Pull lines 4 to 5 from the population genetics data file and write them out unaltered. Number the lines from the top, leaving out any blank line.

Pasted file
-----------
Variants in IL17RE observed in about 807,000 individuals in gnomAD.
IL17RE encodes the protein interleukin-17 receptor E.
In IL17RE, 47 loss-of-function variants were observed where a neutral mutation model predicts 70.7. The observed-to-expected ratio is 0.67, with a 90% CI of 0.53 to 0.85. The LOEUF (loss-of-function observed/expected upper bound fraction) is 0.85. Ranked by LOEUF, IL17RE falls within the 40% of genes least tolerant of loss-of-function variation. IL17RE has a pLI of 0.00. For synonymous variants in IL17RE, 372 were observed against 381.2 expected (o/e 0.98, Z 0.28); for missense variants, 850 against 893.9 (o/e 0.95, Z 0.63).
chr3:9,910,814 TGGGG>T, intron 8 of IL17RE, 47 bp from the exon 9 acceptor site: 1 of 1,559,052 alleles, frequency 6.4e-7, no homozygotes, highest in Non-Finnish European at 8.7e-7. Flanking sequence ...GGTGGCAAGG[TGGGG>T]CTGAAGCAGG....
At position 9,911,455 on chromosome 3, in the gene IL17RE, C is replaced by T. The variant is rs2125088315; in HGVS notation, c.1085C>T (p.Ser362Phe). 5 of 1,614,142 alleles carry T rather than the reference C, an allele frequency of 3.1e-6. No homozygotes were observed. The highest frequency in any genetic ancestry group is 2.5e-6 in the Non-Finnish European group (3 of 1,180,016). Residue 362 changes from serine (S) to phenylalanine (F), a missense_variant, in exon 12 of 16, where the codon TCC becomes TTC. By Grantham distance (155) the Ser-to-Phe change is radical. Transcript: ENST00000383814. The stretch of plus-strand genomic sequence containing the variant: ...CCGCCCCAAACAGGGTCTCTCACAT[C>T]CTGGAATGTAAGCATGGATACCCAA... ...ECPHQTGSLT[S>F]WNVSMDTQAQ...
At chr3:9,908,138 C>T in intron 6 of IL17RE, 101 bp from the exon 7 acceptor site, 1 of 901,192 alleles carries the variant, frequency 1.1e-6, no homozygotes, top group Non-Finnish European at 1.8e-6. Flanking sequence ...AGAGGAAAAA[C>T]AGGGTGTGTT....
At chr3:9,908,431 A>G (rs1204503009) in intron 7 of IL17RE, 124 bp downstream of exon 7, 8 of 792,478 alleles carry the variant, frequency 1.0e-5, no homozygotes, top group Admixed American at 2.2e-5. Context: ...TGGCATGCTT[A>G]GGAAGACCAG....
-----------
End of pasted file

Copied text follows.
chr3:9,910,814 TGGGG>T, intron 8 of IL17RE, 47 bp from the exon 9 acceptor site: 1 of 1,559,052 alleles, frequency 6.4e-7, no homozygotes, highest in Non-Finnish European at 8.7e-7. Flanking sequence ...GGTGGCAAGG[TGGGG>T]CTGAAGCAGG....
At position 9,911,455 on chromosome 3, in the gene IL17RE, C is replaced by T. The variant is rs2125088315; in HGVS notation, c.1085C>T (p.Ser362Phe). 5 of 1,614,142 alleles carry T rather than the reference C, an allele frequency of 3.1e-6. No homozygotes were observed. The highest frequency in any genetic ancestry group is 2.5e-6 in the Non-Finnish European group (3 of 1,180,016). Residue 362 changes from serine (S) to phenylalanine (F), a missense_variant, in exon 12 of 16, where the codon TCC becomes TTC. By Grantham distance (155) the Ser-to-Phe change is radical. Transcript: ENST00000383814. The stretch of plus-strand genomic sequence containing the variant: ...CCGCCCCAAACAGGGTCTCTCACAT[C>T]CTGGAATGTAAGCATGGATACCCAA... ...ECPHQTGSLT[S>F]WNVSMDTQAQ...